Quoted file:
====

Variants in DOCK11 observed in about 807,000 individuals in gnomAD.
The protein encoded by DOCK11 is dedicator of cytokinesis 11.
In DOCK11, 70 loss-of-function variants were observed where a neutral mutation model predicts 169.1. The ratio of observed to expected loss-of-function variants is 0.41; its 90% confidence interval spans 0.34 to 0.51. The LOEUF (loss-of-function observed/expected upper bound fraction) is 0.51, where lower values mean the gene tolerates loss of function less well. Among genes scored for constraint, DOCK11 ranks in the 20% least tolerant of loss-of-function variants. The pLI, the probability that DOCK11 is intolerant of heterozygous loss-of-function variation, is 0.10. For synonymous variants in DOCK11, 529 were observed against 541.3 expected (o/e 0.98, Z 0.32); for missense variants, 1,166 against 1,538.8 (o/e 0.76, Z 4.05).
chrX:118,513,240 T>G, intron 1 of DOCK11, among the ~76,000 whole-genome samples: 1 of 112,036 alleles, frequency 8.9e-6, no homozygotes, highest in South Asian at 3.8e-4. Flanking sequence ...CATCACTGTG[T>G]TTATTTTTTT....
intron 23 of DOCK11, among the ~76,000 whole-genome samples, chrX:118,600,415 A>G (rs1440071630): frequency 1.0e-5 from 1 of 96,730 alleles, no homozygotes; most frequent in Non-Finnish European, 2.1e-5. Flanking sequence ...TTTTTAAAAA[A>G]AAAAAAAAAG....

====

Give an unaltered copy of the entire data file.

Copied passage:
Variants in DOCK11 observed in about 807,000 individuals in gnomAD.
The protein encoded by DOCK11 is dedicator of cytokinesis 11.
In DOCK11, 70 loss-of-function variants were observed where a neutral mutation model predicts 169.1. The ratio of observed to expected loss-of-function variants is 0.41; its 90% confidence interval spans 0.34 to 0.51. The LOEUF (loss-of-function observed/expected upper bound fraction) is 0.51, where lower values mean the gene tolerates loss of function less well. Among genes scored for constraint, DOCK11 ranks in the 20% least tolerant of loss-of-function variants. The pLI, the probability that DOCK11 is intolerant of heterozygous loss-of-function variation, is 0.10. For synonymous variants in DOCK11, 529 were observed against 541.3 expected (o/e 0.98, Z 0.32); for missense variants, 1,166 against 1,538.8 (o/e 0.76, Z 4.05).
chrX:118,513,240 T>G, intron 1 of DOCK11, among the ~76,000 whole-genome samples: 1 of 112,036 alleles, frequency 8.9e-6, no homozygotes, highest in South Asian at 3.8e-4. Flanking sequence ...CATCACTGTG[T>G]TTATTTTTTT....
intron 23 of DOCK11, among the ~76,000 whole-genome samples, chrX:118,600,415 A>G (rs1440071630): frequency 1.0e-5 from 1 of 96,730 alleles, no homozygotes; most frequent in Non-Finnish European, 2.1e-5. Flanking sequence ...TTTTTAAAAA[A>G]AAAAAAAAAG....